How do you actually fix bitter espresso?

If you are faced with the difficulties of having a bitter espresso there are few things you can do to fix this issue.

But before we get to the solution part you need first to know the reason for bitter espresso or the problem that is bringing bitterness in your espresso. You need to be able to diagnose the problem so that you can fix it.

This is why we started by looking at why espresso can be so bitter. You need to understand the espresso extraction process and this will help you troubleshoot the issues. Here are things you can do to resolve this problem.

Adjust Your Coffee Grind Size

This is one of the easier things you can do by yourself. Even a simple change in the size of your grind will have a significant impact on your espresso.

Increased grind size allows water to flow freely between the grounds and the shot pull faster depriving time for the extraction process and therefore you will have less extraction.

On the other hand, fine grind size makes the flow of water longer between the grounds the shot pulls more slowly, and prolonging contact time this means more extraction.

It is important to note that when adjusting the grind size make a very slight change until you reach that spot that provides your desired taste and flavor.

Clean Your Espresso Machine

You need to regularly clean your espresso machine of the old grounds and oil build-ups. The old grounds and oil usually stuck in your machine and this will greatly influence the taste of your espresso.

You must wipe the portafilter after every single shot. You can pass warm water through the machine to wipe out stuck ground and oil.

What Should Espresso Crema Look Like?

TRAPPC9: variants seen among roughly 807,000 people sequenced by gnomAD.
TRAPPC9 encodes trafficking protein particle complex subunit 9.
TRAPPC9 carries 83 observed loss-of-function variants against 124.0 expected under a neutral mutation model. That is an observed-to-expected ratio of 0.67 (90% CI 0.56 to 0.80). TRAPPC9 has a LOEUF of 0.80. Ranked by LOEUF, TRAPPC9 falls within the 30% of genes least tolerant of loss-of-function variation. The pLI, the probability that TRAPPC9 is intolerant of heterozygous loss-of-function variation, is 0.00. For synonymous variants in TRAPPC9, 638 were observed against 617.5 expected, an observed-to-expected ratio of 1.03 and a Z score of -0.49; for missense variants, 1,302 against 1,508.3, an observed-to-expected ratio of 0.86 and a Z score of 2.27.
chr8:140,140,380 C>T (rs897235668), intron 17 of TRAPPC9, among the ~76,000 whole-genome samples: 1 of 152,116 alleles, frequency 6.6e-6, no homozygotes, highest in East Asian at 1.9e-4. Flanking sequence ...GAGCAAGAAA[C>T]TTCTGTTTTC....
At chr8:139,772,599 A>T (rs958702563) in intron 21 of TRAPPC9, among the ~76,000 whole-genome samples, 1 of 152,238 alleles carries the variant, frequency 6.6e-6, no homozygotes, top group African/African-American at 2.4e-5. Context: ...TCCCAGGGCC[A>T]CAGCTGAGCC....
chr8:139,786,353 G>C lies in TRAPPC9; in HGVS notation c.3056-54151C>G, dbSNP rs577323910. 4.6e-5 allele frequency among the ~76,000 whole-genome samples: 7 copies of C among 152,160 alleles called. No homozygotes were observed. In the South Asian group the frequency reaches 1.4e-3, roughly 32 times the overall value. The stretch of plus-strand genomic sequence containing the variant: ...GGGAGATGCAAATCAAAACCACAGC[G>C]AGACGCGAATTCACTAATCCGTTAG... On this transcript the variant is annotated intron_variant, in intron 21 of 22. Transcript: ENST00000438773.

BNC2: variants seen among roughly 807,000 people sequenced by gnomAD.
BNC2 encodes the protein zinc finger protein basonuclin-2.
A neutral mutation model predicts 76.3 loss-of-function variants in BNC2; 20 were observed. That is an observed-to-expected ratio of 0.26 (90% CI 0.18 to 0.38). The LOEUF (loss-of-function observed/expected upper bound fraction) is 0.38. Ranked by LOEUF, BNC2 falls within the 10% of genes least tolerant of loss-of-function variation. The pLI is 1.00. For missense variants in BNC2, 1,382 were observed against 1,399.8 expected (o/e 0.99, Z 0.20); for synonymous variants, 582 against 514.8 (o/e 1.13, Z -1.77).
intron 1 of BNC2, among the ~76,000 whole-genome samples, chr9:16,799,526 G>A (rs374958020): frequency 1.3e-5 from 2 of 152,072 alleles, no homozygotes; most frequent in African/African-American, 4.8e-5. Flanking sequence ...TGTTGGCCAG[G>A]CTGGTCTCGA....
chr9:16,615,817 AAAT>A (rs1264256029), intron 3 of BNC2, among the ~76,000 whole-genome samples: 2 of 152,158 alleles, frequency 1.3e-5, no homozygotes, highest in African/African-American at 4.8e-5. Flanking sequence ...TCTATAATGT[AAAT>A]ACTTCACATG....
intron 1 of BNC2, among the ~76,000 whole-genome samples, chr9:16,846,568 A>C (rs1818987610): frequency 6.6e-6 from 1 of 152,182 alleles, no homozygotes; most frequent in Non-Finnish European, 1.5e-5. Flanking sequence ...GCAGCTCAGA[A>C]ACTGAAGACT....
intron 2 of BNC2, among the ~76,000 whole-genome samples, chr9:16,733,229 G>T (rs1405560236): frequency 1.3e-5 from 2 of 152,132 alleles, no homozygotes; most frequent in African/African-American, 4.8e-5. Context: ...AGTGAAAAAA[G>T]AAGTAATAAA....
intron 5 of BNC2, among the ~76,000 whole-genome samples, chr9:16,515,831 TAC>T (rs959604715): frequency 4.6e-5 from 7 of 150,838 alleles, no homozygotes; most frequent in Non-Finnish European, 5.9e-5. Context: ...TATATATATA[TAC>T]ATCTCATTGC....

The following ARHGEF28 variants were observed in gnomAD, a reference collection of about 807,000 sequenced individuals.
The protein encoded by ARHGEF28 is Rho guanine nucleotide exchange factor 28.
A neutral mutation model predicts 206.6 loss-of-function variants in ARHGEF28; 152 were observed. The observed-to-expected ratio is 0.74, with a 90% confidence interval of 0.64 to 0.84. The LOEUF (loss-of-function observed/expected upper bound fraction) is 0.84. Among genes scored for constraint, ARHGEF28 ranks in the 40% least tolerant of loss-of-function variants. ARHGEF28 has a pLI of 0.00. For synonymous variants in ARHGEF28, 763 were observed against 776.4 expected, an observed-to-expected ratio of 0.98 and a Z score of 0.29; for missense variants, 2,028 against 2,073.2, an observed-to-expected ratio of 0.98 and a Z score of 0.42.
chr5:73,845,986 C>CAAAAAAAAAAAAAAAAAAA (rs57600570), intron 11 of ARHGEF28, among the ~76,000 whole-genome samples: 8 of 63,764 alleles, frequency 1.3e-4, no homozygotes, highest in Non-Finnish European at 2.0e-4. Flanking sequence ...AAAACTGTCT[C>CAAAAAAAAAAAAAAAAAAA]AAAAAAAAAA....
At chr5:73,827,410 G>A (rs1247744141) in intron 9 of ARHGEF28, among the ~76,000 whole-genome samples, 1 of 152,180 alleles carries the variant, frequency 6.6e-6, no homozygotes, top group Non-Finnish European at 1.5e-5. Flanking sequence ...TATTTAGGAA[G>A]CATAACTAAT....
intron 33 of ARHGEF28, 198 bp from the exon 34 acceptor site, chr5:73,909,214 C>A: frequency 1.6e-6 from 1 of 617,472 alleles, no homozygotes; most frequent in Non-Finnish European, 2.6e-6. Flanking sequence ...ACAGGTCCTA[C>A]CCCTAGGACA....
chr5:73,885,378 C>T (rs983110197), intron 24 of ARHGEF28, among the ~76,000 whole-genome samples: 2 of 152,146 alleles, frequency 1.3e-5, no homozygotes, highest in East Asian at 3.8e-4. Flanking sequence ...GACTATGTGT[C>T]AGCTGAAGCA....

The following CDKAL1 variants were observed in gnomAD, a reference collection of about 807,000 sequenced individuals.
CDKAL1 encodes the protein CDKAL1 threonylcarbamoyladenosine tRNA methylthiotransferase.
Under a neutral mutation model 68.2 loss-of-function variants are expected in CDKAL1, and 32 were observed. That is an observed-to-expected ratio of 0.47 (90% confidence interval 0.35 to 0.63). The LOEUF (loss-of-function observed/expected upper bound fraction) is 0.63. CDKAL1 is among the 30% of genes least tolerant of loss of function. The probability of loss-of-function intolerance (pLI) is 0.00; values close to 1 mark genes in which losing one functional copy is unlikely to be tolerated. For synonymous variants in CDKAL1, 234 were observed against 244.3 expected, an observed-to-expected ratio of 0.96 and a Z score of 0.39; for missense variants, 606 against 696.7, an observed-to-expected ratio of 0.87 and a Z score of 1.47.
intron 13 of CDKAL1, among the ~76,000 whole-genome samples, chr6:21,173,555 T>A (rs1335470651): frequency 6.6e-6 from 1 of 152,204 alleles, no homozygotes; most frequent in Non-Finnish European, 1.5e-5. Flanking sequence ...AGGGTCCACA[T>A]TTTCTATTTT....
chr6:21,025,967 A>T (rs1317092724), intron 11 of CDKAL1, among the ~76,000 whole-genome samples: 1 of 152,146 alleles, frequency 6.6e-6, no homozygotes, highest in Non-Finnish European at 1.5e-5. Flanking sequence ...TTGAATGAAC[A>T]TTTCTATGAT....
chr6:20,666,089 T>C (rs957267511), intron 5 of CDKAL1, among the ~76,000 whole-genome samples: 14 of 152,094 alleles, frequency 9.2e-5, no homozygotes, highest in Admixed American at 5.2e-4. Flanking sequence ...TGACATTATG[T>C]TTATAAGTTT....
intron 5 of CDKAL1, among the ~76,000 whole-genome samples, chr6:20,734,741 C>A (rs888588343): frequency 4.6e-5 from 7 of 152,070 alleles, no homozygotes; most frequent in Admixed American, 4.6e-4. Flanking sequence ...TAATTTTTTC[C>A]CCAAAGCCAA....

The term crema comes from the Italian word meaning cream. Crema is a whitish layer cream formed on top of the espresso.

It is formed as a result of a reaction of ground coffee and the trapped air in the ground coffee when the water has added a formation of a compound known as melanoidin and bubbles result.

Perfect espresso shot, the crema part should have a brown color. Crema color entirely depends on the type of coffee you are using, some may have a darker color than others.

If your crema forms a light yellow color means your coffee is not fresh. This is the major importance of crema as it is a means of testing if the coffee is fresh.

Recommended Article: Why is Espresso so Good?

Final Thoughts for Why Espresso Can Be So Bitter!

While espresso has been linked to having high caffeine content, I would say it depends on the amount of espresso you consume.

Espresso is usually served in small cups, you end up taking less coffee and in most cases, you will end up consuming less caffeine than a person who drinks ordinary brewed coffee.

Another thing is that espresso can be made from different types of coffee its acidity can vary based on the roast.

When you have lighter roasts you will end up having a more acidic espresso than having darker roasts as the dark roasts hide the natural acidity of coffee.